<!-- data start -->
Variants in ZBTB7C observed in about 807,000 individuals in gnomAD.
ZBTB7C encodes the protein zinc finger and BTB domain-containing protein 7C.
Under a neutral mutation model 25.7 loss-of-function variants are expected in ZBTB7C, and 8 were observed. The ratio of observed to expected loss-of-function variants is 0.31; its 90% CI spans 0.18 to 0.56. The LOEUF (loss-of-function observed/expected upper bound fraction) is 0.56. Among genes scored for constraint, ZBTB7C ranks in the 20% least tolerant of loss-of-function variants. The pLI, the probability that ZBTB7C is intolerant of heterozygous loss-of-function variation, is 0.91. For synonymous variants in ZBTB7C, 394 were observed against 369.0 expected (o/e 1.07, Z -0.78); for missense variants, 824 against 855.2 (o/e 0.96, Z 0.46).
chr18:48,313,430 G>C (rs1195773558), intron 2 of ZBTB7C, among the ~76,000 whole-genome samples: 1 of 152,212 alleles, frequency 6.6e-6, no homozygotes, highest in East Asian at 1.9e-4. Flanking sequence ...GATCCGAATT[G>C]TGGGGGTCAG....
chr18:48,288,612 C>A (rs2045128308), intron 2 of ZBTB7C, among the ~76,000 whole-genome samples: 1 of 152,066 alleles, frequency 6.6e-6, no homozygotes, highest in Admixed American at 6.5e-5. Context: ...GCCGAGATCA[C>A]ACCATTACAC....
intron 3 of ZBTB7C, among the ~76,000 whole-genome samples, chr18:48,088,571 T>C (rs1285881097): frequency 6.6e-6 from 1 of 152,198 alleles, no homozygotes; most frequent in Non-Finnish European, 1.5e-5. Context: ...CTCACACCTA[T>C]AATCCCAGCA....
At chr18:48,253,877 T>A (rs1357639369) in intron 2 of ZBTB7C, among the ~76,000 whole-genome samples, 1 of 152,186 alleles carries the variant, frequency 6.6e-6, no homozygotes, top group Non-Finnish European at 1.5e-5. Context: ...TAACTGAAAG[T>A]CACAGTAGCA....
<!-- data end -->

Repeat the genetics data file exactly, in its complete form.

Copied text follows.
Variants in ZBTB7C observed in about 807,000 individuals in gnomAD.
ZBTB7C encodes the protein zinc finger and BTB domain-containing protein 7C.
Under a neutral mutation model 25.7 loss-of-function variants are expected in ZBTB7C, and 8 were observed. The ratio of observed to expected loss-of-function variants is 0.31; its 90% CI spans 0.18 to 0.56. The LOEUF (loss-of-function observed/expected upper bound fraction) is 0.56. Among genes scored for constraint, ZBTB7C ranks in the 20% least tolerant of loss-of-function variants. The pLI, the probability that ZBTB7C is intolerant of heterozygous loss-of-function variation, is 0.91. For synonymous variants in ZBTB7C, 394 were observed against 369.0 expected (o/e 1.07, Z -0.78); for missense variants, 824 against 855.2 (o/e 0.96, Z 0.46).
chr18:48,313,430 G>C (rs1195773558), intron 2 of ZBTB7C, among the ~76,000 whole-genome samples: 1 of 152,212 alleles, frequency 6.6e-6, no homozygotes, highest in East Asian at 1.9e-4. Flanking sequence ...GATCCGAATT[G>C]TGGGGGTCAG....
chr18:48,288,612 C>A (rs2045128308), intron 2 of ZBTB7C, among the ~76,000 whole-genome samples: 1 of 152,066 alleles, frequency 6.6e-6, no homozygotes, highest in Admixed American at 6.5e-5. Context: ...GCCGAGATCA[C>A]ACCATTACAC....
intron 3 of ZBTB7C, among the ~76,000 whole-genome samples, chr18:48,088,571 T>C (rs1285881097): frequency 6.6e-6 from 1 of 152,198 alleles, no homozygotes; most frequent in Non-Finnish European, 1.5e-5. Context: ...CTCACACCTA[T>C]AATCCCAGCA....
At chr18:48,253,877 T>A (rs1357639369) in intron 2 of ZBTB7C, among the ~76,000 whole-genome samples, 1 of 152,186 alleles carries the variant, frequency 6.6e-6, no homozygotes, top group Non-Finnish European at 1.5e-5. Context: ...TAACTGAAAG[T>A]CACAGTAGCA....